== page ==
While outsourcing became the new norm many years ago, Apple with Steve Jobs at the helm, personified a company that was extolled for innovation but aside from its corporate headquarters and jobs at its many Apple stores it has not created a significant number of manufacturing jobs in the U.S.

With the U.S. unemployment rate above 9 percent there are those who argue that by bringing some manufacturing jobs back to American shores, Apple and other multinationals would benefit from a public relations bonanza.

On MacDailyNews, an Apple forum for all things Apple related, user Barry C. writes:

If Apple would publicly begin to manufacture in the U.S.A. again, Jobs could start another revolution. One that invests in U.S. high tech manufacturing. It’s never truly realized by consumers how all this great hardware is manufactured 100% in China.

With Apple’s high, yet worthy, profit margins, there is absolutely no reason they could not begin to manufacture here. Even a small trial factory, perhaps the next iPod nano or just Mac accessories like cables.

They would save in many ways that would offset the salary discontinuity between China and the US; time to market, shipping and fuel costs, shipping delays, increased product cycle, and ultimately, even more brand loyalty.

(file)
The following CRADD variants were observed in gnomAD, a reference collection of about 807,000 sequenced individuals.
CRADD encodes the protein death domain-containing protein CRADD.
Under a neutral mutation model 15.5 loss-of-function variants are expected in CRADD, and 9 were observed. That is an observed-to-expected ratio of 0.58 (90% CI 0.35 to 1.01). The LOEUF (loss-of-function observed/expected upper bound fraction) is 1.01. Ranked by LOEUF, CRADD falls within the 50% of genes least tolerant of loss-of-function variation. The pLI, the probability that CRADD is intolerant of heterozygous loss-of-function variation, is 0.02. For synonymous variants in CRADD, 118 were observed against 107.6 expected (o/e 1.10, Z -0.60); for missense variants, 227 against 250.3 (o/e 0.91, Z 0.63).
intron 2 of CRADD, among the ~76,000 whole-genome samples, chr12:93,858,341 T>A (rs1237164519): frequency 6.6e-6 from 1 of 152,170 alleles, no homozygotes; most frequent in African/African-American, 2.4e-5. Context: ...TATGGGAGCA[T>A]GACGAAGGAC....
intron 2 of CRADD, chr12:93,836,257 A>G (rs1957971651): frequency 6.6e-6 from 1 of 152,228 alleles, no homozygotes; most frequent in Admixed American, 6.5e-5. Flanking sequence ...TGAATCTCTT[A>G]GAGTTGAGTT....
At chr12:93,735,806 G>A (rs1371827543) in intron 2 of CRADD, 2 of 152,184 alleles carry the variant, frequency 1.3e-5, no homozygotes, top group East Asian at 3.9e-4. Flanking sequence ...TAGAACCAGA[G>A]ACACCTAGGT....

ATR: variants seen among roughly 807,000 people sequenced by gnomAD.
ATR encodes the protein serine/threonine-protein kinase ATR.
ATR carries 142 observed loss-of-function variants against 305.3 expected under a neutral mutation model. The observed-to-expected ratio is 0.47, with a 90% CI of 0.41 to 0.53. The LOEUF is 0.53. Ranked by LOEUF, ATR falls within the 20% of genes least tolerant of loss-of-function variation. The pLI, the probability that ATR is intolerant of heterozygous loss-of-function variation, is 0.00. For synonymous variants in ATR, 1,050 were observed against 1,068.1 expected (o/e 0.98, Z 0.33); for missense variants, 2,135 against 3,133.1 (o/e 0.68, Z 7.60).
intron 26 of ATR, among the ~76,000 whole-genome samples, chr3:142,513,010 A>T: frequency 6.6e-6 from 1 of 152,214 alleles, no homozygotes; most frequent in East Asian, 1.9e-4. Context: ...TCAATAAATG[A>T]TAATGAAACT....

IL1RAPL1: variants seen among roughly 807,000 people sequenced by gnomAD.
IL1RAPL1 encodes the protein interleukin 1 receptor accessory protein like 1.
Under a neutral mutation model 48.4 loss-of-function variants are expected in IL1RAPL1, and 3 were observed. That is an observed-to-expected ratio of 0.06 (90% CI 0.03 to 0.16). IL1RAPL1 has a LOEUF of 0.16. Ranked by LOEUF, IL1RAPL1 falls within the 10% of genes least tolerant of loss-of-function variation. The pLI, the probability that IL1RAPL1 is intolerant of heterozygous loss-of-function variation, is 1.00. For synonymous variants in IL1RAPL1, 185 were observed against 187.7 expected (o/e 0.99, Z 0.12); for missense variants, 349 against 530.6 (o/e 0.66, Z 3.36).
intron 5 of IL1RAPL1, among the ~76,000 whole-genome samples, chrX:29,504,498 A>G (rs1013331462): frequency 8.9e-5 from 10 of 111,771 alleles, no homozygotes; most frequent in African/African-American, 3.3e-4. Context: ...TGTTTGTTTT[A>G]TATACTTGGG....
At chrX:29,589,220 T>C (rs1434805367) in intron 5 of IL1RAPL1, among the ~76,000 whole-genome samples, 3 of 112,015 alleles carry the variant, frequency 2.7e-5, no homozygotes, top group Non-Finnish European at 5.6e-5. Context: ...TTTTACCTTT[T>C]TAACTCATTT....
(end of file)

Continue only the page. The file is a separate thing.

I think a public campaign with a new Apple manufacturing center based in the U.S. is a no-brainer!

However, Apple, along with Microsoft and others are unlikely to pursue this strategy.

Econ 101 dictates that you cut corners and save costs when possible and charge the consumers what some consider to be prohibitive costs for the most basic models of laptops and other Mac products.

With Steve Jobs at the helm, Apple personifies American capitalism. Make as much money as quickly as you can for your board and stockholders, while producing products that people find they desperately want but don’t necessarily need.

Read more about:

Tags: , , , , , , , , , , , , , , , , , , ,

Post comment as twitter logo facebook logo
Sort: Newest | Oldest